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December 1984

Platelet α2-Adrenergic Receptor Binding and Plasma CatecholaminesBefore and During Imipramine Treatment in Patients With Panic Anxiety

Author Affiliations

From the Departments of Psychiatry (Drs Cameron, Nesse, and Curtis) and Pharmacology (Drs Smith and Hollingsworth), University of Michigan Medical School, Ann Arbor.

Arch Gen Psychiatry. 1984;41(12):1144-1148. doi:10.1001/archpsyc.1984.01790230030004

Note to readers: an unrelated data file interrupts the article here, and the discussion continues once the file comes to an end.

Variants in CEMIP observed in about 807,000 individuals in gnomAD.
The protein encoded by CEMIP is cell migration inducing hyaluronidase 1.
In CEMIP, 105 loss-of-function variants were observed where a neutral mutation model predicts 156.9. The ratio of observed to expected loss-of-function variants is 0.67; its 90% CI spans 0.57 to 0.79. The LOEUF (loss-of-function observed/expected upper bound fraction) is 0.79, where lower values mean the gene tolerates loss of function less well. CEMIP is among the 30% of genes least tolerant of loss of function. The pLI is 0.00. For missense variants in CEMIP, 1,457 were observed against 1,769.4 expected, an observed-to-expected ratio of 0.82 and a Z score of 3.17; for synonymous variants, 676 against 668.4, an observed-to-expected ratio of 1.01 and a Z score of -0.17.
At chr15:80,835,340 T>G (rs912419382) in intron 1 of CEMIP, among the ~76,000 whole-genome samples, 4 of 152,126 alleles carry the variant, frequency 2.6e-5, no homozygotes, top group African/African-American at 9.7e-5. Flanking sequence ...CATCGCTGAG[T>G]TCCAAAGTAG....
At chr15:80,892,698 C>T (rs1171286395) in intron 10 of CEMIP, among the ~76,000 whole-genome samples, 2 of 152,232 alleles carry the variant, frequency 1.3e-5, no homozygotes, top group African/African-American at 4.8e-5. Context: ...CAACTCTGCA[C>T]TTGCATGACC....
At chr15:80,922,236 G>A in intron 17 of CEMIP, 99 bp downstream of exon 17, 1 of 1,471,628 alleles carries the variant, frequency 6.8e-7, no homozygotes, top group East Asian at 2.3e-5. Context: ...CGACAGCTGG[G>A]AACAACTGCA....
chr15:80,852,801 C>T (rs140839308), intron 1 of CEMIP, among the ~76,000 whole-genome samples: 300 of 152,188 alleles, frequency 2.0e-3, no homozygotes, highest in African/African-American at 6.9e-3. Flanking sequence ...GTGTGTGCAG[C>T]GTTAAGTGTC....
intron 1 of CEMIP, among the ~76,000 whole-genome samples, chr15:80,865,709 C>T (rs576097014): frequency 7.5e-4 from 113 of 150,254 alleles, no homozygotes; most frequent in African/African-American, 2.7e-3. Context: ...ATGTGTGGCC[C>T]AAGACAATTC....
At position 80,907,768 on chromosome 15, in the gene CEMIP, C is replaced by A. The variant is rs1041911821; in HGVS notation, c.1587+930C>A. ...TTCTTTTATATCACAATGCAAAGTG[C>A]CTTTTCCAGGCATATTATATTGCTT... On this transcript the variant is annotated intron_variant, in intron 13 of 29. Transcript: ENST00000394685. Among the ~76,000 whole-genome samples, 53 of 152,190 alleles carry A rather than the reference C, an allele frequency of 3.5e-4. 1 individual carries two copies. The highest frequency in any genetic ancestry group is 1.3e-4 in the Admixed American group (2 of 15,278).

• Specific binding of tritiated clonidine, an α2-adrenergic receptor agonist, and tritiated yohimbine, an α2-adrenergic receptor antagonist, to platelet membranes was measured in persons with panic attacks or major depression and in normal subjects. Plasma catecholamine levels were measured in patients with panic attacks and in normal subjects. The number of binding sites in patients with panic attacks, as measured with tritiated clonidine, was lower than in depressed persons and was the same as in normal subjects. The number in patients with panic attacks, as measured with tritiated yohimbine, was lower than in either depressives or normal subjects. Catecholamine levels were somewhat higher in patients with panic attacks than in normal subjects. Treatment with imipramine hydrochloride decreased the number of sites, as measured with either ligand, in both patient groups and increased catecholamine levels in patients with panic attacks.